There are several disorders so branded with taboo, stigma, and legal consequences that they are almost never diagnosed and very little research has been done on them. These patients are literally seen by every specialty, often without knowing it, and without a good solution. I am hoping this podcast brings awareness to this important topic and gives providers insight into the power of empathy in helping these patients.
?The Hero?s Journey? entails several predictable steps of leaving and returning transformed. Striving towards one?s heroic possibilities and unfolding one?s potentials is deeply pleasurable. Realizing that our narratives can be seen as part of a journey can encourage these pleasurable aspirational attempts and reframe hardships. This concept of The Hero?s Journey is something I use often in my practice and find very useful.
With the background from part 1 in mind, in part 2, we review the modern era of research exploring the treatment of various psychopathology. The results for these studies begin to elucidate the various effects individuals experience with psilocybin. The benefits are potentially impressive, however, there are significant limitations that are noteworthy. Psilocybin therapy is just coming out of its nascence and it is useful to have a critical view of the research coming out to avoid pitfalls in the future.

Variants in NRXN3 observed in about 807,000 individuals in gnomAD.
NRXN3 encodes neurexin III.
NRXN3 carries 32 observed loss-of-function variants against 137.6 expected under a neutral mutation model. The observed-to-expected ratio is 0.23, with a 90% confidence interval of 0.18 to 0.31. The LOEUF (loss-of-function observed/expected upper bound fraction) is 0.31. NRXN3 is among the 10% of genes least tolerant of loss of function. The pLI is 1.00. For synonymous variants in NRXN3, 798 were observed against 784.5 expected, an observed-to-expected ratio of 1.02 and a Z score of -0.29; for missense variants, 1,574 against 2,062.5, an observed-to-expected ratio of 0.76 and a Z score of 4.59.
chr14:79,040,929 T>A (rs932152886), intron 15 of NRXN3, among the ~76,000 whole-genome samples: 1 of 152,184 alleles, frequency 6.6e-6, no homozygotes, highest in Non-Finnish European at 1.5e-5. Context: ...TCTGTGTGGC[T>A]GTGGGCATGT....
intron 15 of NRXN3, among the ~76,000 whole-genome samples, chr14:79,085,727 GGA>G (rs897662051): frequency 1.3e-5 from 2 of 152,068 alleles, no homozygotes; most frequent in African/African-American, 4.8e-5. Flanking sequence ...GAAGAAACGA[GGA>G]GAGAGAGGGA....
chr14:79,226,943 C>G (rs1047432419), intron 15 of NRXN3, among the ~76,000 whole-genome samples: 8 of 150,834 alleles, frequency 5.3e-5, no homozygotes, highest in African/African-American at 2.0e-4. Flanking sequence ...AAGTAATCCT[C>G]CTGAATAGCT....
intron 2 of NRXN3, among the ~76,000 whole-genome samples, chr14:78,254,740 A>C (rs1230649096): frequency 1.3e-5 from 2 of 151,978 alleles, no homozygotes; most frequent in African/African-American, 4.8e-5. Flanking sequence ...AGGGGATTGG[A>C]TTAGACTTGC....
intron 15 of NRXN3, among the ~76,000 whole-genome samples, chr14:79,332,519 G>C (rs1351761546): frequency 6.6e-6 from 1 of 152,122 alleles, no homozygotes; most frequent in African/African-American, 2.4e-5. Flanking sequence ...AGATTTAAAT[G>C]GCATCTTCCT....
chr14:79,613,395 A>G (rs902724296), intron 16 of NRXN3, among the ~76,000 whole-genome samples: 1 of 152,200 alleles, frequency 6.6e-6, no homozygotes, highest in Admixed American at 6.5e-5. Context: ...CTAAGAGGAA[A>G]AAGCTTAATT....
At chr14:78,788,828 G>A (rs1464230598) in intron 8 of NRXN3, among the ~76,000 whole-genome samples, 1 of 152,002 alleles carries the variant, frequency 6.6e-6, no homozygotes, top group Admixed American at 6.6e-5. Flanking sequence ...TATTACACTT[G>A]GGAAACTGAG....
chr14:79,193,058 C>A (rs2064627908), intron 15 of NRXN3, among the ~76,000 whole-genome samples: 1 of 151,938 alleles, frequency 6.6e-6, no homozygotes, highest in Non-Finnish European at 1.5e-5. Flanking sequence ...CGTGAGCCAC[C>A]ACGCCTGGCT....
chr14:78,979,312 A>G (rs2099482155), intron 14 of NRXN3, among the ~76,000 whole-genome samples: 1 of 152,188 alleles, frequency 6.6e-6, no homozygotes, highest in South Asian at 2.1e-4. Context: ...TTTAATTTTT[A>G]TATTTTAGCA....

The basis of cognitive behavioral therapy is that we should put our thoughts on trial and not just believe them. CBT works by digging into the foundation of our thinking patterns so we can rewire the patterns that are messed up.
On this week?s episode of the podcast, I speak to Dr. David Burns M.D. about cognitive behavioral therapy. He?s the author of several industry-leading books on the subject, including Feeling Good and Feeling Great.
Psilocybin has been increasingly part of western consciousness. As the scientific community explores its therapeutic use and safety in controlled settings, there are a lot of people outside of that community who are passionate advocates for its recreational use. If we are to be knowledgeable about this subject, it is useful to know the sources that our patients are getting their information from, the history of its use, and what we currently know about its safety.
There are medications that worsen cognitive function and all mental health providers should be aware, and work on optimizing sensorium. In this episode, we'll cover a spectrum of sensorium disruptions and medications that you need to look out for.
In this last episode of the Big Five personality model series, we are going to focus on extraversion which is the positive emotion dimension associated with gregariousness, charisma, enthusiasm, assertiveness, and social ability.